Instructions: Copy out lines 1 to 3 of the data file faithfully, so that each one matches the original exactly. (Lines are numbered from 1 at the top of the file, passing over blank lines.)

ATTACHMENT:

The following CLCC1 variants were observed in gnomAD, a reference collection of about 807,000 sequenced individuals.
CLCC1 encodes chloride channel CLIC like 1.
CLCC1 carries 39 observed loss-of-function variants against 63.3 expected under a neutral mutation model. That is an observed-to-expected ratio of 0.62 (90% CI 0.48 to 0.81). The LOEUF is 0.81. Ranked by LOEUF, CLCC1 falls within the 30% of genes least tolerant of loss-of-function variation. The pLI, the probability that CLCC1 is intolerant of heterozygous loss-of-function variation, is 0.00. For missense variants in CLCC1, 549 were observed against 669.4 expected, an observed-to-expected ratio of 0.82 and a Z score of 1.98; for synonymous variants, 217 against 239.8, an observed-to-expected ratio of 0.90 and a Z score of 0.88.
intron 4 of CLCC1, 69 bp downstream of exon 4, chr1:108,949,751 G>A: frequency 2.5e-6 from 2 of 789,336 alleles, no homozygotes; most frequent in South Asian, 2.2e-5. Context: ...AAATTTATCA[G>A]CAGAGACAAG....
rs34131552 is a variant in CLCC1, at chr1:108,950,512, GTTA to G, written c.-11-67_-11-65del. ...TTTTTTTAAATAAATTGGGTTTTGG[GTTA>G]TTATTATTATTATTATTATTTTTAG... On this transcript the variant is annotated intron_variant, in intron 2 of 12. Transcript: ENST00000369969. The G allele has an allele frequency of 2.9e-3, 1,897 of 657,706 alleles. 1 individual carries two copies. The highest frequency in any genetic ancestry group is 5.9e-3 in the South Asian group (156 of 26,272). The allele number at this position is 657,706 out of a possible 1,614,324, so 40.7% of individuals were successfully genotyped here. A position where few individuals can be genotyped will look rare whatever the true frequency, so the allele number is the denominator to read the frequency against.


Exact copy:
The following CLCC1 variants were observed in gnomAD, a reference collection of about 807,000 sequenced individuals.
CLCC1 encodes chloride channel CLIC like 1.
CLCC1 carries 39 observed loss-of-function variants against 63.3 expected under a neutral mutation model. That is an observed-to-expected ratio of 0.62 (90% CI 0.48 to 0.81). The LOEUF is 0.81. Ranked by LOEUF, CLCC1 falls within the 30% of genes least tolerant of loss-of-function variation. The pLI, the probability that CLCC1 is intolerant of heterozygous loss-of-function variation, is 0.00. For missense variants in CLCC1, 549 were observed against 669.4 expected, an observed-to-expected ratio of 0.82 and a Z score of 1.98; for synonymous variants, 217 against 239.8, an observed-to-expected ratio of 0.90 and a Z score of 0.88.